The fair knew you'd be concerned. So it didn't raise ticket prices for admission, shows or rides. It also sent a letter to vendors suggesting creative pricing such as family packs, buy-one-get-one-free offers and sample-size portions.
An unabashed State Fair fan, I want to make sure you know about all the money-saving tricks and don't-miss freebies. I thought, who better to ask than State Fair employees?
"Fair employees are diehards," communications manager Brienna Schuette said. "They love to save money out here because they're here so much."
Plan wisely. The fair has several special discount days that can save you money on admission, rides, concessions or transportation. The fair's website (www.mnstatefair.org) has a wealth of information to help you plan your visit around discounts, make note of freebies and budget for your favorite items.
Clip your coupons. The first words out of nearly every fair employee's mouth were: "Blue Ribbon Bargain Book."
"I go through this thing whenever I get a spare moment before the fair starts and I tab every coupon I'm going to use," Schuette said.
Spend $4 pre-fair at Cub Foods or $5 at the fair for this coupon book, which Schuette said has the 100 best deals at the fair that promise to save consumers at least 30 percent on everything from milkshakes to State Fair posters. Competition to get into the book is fierce; the fair turns away vendors each year.
Buy in advance. Purchase your fair tickets in advance and pay $8, not $11 (kids younger than 5 are always free). Pre-fair Mighty Midway and Kidway ride and game tickets will save you big bucks as well, says Pam Mix, who helps hire 2,800 fair employees each year. Buy the tickets at Cub Foods or check www.mnstatefair.org for outstate dealers.
Don't drive. Take the bus, or bike instead. "It's a super way to go to save cash. You can cut down on gas," said Nate Dungan, who books the entertainment for the fair's free stages. Park and ride for free instead of paying $9 to park. Or you can hop on a State Fair Express bus for $5 round-trip (four-year-olds and younger ride for free)
Hop on Transit Day is Aug. 27, with $3 round-trip express bus service. Bus riders that day (not park and ride) will also get a $2-off coupon for a regular-price admission ticket.
Focus on the freebies. Last year, I collected several reusable bags that I now tote with me to the grocery store. "It's all about the bag around here," Schuette said.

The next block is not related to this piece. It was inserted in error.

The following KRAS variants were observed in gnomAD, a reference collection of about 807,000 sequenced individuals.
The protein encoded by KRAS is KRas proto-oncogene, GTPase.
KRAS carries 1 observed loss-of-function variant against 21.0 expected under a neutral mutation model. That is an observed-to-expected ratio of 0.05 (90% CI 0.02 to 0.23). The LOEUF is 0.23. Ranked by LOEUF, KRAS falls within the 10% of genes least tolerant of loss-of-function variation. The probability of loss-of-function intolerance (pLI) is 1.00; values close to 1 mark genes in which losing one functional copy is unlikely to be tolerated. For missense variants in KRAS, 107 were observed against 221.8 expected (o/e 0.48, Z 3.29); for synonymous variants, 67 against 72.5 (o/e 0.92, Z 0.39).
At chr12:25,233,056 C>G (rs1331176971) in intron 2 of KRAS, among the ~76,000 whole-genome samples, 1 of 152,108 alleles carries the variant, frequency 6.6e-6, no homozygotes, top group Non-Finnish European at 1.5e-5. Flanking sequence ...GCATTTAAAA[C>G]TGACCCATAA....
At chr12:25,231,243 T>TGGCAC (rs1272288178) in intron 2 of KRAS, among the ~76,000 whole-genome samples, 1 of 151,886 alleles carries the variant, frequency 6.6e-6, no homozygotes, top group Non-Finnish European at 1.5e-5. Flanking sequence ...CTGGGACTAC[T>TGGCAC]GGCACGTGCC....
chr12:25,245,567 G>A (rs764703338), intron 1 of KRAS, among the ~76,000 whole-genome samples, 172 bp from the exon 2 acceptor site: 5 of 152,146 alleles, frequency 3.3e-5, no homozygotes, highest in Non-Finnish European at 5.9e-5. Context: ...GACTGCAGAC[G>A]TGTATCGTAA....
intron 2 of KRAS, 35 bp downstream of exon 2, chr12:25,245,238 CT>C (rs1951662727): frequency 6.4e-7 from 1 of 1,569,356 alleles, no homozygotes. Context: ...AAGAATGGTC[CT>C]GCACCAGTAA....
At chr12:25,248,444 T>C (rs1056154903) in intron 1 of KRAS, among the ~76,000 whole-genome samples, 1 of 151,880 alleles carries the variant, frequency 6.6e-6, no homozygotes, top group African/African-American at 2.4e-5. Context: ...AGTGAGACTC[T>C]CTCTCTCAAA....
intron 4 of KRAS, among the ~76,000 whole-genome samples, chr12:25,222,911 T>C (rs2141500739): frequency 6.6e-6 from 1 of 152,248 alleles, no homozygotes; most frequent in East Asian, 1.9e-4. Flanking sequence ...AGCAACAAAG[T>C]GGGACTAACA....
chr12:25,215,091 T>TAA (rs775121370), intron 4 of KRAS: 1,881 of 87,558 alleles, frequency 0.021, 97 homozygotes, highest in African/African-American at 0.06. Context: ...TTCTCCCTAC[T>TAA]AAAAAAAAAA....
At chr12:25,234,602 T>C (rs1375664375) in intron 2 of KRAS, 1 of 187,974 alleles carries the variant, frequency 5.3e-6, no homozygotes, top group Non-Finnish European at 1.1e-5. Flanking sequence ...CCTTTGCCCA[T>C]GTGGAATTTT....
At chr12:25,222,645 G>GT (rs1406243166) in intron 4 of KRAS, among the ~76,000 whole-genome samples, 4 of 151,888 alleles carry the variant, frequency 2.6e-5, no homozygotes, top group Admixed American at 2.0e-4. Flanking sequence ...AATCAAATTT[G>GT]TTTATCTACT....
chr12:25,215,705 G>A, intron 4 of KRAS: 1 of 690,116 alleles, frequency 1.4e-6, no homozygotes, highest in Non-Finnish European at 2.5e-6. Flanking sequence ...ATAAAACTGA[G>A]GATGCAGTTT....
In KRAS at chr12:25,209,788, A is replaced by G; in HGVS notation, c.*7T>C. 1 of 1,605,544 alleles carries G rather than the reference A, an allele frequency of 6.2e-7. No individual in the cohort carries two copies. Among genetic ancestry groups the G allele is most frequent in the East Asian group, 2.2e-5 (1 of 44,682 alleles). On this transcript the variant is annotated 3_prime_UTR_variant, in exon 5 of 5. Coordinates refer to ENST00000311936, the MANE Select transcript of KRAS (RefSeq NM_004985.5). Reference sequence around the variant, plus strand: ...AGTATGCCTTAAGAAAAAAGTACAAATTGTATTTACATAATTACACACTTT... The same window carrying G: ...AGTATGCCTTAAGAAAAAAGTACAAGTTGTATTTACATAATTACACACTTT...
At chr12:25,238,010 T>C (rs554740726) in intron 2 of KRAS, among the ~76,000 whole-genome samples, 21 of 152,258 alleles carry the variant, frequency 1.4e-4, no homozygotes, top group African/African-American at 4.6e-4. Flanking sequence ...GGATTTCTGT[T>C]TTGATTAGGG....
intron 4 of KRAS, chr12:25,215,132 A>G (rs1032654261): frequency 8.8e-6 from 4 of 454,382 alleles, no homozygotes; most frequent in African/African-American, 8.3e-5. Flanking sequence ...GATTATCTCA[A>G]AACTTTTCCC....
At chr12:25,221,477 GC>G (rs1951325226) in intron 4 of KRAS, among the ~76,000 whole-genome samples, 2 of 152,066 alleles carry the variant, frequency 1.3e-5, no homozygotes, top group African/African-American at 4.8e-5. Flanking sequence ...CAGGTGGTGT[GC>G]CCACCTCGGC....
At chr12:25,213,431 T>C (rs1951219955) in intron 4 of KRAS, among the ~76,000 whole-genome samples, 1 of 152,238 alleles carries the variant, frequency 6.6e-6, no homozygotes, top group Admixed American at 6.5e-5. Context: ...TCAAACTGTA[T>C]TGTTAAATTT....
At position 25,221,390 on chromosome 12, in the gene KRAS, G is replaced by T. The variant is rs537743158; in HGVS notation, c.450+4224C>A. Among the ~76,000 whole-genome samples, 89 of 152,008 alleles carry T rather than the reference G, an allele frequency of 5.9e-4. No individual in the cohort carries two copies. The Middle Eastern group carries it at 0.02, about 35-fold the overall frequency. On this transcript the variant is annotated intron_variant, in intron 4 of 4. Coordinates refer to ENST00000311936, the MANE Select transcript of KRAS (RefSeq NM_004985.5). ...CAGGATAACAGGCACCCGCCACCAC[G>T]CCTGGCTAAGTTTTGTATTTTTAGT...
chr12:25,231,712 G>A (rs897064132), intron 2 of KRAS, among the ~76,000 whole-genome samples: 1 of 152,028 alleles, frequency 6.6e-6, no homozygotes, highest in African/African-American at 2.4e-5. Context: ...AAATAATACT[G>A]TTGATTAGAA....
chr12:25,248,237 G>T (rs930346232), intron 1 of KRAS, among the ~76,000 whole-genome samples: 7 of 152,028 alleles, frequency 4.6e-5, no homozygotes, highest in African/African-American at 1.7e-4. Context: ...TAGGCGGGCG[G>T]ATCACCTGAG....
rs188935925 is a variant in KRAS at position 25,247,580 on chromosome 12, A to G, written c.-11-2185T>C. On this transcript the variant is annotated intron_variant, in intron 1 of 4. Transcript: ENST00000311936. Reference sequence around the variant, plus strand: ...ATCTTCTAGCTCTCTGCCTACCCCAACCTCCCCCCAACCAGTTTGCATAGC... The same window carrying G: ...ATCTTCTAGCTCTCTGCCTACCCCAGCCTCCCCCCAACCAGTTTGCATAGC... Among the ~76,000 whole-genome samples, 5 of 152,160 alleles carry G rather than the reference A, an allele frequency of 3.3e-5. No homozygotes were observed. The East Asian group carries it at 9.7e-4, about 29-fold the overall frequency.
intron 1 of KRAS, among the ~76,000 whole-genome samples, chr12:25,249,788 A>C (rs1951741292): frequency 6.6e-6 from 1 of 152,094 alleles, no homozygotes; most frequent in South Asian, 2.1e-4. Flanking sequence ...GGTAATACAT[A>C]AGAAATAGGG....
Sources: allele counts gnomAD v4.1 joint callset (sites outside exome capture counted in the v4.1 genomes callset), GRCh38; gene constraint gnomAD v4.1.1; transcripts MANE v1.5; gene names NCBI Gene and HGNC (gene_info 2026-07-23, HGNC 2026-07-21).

You need something to carry your free stuff in, after all. The Education building has enough free pencils to stuff any school-kid's backpack. And although I've never won, I can't help but sign up for the giveaways.
Take a look at the fair's "Deals, Drawings and GiveawaysGuide" for a list of freebies -- from seeds from the Minnesota State Lottery to a carabiner with a compass from the Minnesota Pollution Control Agency. Check out the touring promotional exhibits for free toothpaste, beef jerky samples and coupons galore.
Pack a lunch. To some, the fair is all about food, so what's the point in going if not to stuff yourself silly? But if, for you, the fair is just as much about checking out the exhibits and watching pigs being born, office manager Carol Doyle suggests carting in snacks, drinks or a brown bag lunch to keep you satisfied, then splurge on a treat or two throughout the day.
Divide and conquer. Emily Kocian, who works with the horse show, splits food with her sisters. "Our favorite thing to do is buy a big bucket of cookies and go sit by the all-you-can-drink milk booth," she said.
Set limits. "I definitely have a budget -- I'm a college student," said Amy Burt, who works in the livestock competition office. "I say about $5 a day."
She packs a lunch and uses that money for "one fair food a day." Also, the fair's "Deals" guide has the "A Buck and Under" list. You can buy everything from shrimp cocktail to cheese sticks to sweet potato pie for only $1.
How do you save at the fair? Kara McGuire • 612-673-7293 or firstname.lastname@example.org